Travis Hagelberg, 22, is the first intern in Rep. Bart Stupak’s (D-Mich.) office to come with his very own security clearance. As a member of the Air Force ROTC at the University of Washington, Hagelberg said his security clearance is standard for cadets.
But next June, he will be commissioned as a lieutenant and bumped up to “top secret” clearance. He will work in space and missile operations at Vandenberg Air Force Base in San Diego. As an officer, he will have operational, not technical, duties, and could be privy to sensitive information about nuclear weapons and more.
“No comment,” Hagelberg said in reference to juicy government secrets he may or may not know.
Originally from Petoskey, Mich., Hagelberg is a business administration student set to graduate next June from Seattle Pacific University. In high school and college, he worked as a prep cook for The Original Pancake House, where he learned about the value of unflinching loyalty. He mixed batters for seven consecutive summers.
“It developed my work ethic and my reliability and commitment to an organization,” Hagelberg said.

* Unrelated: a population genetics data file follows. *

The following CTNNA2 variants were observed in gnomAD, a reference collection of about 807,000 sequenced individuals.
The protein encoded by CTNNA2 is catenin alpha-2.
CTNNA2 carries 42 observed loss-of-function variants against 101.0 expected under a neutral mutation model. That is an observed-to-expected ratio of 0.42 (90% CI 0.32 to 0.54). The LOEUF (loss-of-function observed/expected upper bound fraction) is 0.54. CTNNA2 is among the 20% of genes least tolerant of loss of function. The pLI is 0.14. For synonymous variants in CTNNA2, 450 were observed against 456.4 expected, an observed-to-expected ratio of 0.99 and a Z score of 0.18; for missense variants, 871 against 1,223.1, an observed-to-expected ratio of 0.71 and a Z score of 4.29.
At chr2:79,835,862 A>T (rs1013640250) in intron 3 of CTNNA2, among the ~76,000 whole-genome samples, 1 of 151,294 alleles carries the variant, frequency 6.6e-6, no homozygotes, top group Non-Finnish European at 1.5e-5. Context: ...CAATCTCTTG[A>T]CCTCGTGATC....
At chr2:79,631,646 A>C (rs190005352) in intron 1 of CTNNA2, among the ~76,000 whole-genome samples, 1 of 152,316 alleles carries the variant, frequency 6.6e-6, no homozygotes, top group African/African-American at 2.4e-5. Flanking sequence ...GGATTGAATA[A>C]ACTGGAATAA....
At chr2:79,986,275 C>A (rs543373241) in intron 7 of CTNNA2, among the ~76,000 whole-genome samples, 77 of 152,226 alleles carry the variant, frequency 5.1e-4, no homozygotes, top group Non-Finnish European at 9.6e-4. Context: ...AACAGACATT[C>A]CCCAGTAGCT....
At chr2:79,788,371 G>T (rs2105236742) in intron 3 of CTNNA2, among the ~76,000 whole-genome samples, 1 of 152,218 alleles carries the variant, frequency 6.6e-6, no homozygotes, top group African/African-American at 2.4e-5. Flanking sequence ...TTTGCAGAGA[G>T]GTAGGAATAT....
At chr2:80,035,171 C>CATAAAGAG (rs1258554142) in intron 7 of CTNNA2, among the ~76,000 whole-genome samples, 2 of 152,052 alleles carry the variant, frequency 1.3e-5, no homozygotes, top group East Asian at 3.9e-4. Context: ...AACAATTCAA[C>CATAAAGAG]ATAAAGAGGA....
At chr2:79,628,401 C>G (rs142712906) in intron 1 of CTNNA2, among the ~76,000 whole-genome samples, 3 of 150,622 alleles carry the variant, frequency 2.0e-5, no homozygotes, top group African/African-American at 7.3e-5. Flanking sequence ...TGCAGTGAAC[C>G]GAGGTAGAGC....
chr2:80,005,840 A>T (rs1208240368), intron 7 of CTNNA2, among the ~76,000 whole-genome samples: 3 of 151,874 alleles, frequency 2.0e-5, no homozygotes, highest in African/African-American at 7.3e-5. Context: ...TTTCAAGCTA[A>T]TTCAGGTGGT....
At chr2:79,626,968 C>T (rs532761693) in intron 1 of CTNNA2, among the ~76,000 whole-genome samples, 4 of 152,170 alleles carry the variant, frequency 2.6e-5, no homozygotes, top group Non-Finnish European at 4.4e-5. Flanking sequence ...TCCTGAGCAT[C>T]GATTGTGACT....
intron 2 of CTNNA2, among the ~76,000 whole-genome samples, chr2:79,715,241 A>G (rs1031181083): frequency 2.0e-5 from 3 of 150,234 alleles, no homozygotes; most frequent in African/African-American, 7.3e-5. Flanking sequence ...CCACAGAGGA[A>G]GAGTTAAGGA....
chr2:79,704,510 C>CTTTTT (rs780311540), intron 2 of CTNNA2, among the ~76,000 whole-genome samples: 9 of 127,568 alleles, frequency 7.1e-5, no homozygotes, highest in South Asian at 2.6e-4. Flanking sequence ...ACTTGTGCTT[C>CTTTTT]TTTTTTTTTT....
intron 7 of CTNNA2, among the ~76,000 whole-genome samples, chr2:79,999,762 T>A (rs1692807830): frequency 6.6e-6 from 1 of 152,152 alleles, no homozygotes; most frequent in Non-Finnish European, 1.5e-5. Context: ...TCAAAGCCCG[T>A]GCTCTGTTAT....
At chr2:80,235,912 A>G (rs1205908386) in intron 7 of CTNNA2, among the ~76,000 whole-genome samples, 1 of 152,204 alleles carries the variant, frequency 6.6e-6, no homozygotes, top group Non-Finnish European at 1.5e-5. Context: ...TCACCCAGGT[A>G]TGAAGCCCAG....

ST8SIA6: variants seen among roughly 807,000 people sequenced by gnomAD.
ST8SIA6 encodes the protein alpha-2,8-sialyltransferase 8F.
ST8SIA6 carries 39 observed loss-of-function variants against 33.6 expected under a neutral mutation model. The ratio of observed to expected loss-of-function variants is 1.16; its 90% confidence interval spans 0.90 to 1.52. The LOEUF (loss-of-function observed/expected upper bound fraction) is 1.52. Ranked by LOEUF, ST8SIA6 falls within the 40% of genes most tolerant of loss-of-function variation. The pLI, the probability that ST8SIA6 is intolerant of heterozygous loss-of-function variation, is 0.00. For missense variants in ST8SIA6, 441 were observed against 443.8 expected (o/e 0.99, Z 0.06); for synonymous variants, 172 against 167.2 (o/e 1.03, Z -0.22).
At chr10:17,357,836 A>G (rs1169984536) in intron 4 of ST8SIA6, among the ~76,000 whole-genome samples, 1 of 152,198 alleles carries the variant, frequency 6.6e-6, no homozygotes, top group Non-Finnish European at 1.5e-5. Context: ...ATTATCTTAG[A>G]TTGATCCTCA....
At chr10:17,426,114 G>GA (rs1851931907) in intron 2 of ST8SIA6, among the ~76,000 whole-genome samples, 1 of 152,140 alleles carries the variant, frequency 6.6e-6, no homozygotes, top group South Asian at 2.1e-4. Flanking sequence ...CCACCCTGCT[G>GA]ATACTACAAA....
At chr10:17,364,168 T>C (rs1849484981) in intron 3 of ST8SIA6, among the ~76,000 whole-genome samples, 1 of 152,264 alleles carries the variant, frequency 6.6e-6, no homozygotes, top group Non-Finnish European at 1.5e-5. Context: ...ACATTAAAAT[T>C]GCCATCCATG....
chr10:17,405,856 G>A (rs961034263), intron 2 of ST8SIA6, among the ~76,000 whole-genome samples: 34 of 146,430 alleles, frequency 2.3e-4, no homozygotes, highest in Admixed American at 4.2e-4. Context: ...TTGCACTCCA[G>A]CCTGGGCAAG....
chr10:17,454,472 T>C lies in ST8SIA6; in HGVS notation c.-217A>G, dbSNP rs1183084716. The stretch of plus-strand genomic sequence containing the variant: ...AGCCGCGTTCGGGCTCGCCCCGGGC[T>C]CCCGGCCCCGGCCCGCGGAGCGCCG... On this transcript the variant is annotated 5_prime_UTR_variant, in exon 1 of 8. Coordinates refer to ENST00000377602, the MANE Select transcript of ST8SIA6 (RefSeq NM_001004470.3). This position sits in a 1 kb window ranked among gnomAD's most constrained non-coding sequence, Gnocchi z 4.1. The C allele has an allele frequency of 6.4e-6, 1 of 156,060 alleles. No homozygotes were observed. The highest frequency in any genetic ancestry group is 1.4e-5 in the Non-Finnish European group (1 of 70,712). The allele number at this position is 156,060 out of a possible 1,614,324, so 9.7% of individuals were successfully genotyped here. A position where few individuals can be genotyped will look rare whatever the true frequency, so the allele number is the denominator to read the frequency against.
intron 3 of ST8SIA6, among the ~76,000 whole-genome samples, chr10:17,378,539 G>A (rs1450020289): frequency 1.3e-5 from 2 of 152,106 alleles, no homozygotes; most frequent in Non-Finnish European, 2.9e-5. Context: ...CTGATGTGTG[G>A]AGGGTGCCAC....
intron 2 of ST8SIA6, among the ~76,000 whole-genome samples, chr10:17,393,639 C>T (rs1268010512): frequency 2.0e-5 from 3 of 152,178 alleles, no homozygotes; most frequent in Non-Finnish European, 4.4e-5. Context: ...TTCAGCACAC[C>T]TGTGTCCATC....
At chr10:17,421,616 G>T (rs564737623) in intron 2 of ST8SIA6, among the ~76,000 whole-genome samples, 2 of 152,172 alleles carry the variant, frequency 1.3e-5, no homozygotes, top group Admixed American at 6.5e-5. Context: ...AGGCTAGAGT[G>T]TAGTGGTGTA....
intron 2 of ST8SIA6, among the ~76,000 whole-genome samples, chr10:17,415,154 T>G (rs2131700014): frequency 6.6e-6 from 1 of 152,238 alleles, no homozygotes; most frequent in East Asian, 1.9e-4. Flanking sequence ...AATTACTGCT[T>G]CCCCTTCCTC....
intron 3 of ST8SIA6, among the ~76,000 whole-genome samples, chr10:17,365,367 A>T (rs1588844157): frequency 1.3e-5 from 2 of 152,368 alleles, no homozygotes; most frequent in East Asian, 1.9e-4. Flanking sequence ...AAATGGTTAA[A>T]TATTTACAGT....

Stupak’s intern will apply that loyalty to the Air Force, where he hopes to become a career officer after four years of contracted service. He said his experience as an intern has helped him prepare to be an officer by teaching him the inner workings of government.
“I thought this internship would be a great foundation that I could build upon,” he said. “I’ve always been interested in politics and the government, but I actually haven’t really studied anything [political] since high school government. … I had to relearn the whole political process and things like that so I wouldn’t feel like a total idiot when [tourists] ask me questions.”
Half-expecting to be pushed aside and ignored as an intern, Hagelberg has been surprised by how welcoming people have been on Capitol Hill. He has been given substantive assignments, including attending hearings such as a briefing by Gen. Michael Moseley, the Air Force chief of staff, before the House Armed Services Committee.
“You know, you learn about the chain of command, but to sit in on something that high-level was phenomenal,” Hagelberg said.